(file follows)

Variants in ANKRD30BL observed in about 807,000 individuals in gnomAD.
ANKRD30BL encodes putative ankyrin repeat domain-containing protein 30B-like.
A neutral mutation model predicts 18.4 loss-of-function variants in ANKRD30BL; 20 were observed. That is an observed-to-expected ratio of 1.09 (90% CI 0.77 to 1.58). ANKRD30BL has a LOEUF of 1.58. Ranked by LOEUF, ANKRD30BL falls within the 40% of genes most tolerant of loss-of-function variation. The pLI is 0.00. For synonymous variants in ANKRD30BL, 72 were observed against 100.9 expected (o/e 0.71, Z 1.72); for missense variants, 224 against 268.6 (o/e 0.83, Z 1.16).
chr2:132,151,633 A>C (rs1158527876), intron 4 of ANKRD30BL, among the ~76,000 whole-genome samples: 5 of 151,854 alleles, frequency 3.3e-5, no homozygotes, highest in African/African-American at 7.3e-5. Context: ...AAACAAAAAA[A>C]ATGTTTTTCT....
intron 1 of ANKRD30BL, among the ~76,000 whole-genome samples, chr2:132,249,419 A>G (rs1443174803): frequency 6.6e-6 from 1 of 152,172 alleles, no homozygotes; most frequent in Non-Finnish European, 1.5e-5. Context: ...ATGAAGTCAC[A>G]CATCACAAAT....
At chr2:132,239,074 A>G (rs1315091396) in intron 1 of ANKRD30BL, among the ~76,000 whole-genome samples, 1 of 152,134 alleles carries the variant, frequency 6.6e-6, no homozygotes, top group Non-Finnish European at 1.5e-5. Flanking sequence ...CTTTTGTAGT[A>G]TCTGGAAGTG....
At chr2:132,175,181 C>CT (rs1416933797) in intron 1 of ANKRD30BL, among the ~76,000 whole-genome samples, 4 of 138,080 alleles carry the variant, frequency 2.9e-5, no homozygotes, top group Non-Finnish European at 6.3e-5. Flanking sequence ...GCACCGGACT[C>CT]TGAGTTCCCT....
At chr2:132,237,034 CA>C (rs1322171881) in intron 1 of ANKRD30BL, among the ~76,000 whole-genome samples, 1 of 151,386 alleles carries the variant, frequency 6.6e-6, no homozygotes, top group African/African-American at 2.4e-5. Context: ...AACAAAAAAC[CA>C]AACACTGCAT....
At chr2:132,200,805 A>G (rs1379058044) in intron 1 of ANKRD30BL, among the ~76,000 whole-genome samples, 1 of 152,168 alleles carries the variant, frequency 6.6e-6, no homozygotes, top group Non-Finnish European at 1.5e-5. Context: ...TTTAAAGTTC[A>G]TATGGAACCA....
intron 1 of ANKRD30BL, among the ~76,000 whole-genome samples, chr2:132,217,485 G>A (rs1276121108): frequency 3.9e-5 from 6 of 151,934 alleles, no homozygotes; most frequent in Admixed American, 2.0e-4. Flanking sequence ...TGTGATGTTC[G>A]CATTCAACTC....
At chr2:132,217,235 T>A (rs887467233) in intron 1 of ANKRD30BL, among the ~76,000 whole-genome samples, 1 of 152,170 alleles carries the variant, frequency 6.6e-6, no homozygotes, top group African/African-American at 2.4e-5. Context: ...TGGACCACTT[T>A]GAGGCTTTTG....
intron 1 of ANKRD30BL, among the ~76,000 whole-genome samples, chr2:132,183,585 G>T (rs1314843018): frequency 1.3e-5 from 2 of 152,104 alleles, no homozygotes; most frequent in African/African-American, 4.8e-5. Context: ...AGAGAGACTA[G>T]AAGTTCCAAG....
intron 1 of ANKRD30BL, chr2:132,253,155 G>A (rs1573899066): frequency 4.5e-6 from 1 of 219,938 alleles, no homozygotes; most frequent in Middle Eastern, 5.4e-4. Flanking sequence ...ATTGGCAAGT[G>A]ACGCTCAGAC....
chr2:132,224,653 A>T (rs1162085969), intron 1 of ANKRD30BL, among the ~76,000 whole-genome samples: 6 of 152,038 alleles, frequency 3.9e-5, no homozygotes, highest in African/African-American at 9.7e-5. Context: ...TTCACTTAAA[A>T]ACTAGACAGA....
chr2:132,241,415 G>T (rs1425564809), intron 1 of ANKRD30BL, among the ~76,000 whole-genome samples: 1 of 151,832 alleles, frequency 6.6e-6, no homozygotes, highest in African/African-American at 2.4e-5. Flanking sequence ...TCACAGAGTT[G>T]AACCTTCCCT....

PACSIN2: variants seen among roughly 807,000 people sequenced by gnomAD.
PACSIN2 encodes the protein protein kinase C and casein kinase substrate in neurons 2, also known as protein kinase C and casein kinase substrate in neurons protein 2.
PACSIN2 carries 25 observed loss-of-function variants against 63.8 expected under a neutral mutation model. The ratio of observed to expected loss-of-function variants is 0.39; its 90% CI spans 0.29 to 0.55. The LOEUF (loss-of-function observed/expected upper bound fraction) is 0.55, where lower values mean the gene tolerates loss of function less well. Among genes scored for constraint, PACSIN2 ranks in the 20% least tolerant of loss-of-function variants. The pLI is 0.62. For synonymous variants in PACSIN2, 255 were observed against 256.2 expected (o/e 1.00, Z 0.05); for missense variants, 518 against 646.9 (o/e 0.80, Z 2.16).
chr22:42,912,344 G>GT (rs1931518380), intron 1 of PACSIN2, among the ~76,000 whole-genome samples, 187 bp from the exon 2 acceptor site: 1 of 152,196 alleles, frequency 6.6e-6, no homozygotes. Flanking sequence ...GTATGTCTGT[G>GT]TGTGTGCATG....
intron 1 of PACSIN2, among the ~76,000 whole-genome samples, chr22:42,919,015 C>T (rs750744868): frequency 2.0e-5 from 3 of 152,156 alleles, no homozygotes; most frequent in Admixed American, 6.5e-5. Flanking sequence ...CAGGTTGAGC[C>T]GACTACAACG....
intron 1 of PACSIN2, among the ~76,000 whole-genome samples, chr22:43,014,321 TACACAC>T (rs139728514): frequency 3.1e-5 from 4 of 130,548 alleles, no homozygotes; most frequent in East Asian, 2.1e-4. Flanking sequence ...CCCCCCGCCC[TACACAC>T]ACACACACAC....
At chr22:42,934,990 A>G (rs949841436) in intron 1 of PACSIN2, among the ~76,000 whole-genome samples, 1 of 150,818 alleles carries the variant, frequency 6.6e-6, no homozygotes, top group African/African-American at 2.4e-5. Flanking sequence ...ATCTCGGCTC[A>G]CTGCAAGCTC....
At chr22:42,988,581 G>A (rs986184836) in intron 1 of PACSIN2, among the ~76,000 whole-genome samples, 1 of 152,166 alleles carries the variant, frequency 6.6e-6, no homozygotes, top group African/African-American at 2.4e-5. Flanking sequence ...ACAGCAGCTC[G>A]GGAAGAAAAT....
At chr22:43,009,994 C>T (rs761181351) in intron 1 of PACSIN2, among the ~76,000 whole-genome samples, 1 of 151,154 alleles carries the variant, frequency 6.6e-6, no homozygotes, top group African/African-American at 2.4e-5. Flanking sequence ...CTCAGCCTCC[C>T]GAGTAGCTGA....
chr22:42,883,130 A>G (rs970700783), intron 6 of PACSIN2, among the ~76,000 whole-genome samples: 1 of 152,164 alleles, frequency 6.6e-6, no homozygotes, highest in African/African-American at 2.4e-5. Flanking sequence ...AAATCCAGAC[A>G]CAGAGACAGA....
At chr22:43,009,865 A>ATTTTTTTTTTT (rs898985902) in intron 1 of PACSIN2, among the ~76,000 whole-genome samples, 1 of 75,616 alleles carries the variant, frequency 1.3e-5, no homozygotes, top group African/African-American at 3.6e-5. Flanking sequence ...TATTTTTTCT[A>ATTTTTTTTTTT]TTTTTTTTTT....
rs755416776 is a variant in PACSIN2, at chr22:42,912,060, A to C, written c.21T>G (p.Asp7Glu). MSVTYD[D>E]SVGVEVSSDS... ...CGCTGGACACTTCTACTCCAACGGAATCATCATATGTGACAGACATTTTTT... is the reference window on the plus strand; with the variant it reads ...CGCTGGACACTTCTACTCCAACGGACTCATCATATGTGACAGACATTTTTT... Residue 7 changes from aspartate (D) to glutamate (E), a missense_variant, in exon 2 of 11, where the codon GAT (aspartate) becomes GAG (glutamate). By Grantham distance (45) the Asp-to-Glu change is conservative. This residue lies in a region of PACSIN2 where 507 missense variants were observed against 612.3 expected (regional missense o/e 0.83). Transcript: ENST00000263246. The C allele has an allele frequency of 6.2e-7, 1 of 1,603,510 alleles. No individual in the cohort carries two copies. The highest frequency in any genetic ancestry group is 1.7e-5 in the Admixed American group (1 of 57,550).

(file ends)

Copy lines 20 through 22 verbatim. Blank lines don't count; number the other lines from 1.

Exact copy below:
intron 1 of PACSIN2, among the ~76,000 whole-genome samples, chr22:42,919,015 C>T (rs750744868): frequency 2.0e-5 from 3 of 152,156 alleles, no homozygotes; most frequent in Admixed American, 6.5e-5. Flanking sequence ...CAGGTTGAGC[C>T]GACTACAACG....
intron 1 of PACSIN2, among the ~76,000 whole-genome samples, chr22:43,014,321 TACACAC>T (rs139728514): frequency 3.1e-5 from 4 of 130,548 alleles, no homozygotes; most frequent in East Asian, 2.1e-4. Flanking sequence ...CCCCCCGCCC[TACACAC>T]ACACACACAC....
At chr22:42,934,990 A>G (rs949841436) in intron 1 of PACSIN2, among the ~76,000 whole-genome samples, 1 of 150,818 alleles carries the variant, frequency 6.6e-6, no homozygotes, top group African/African-American at 2.4e-5. Flanking sequence ...ATCTCGGCTC[A>G]CTGCAAGCTC....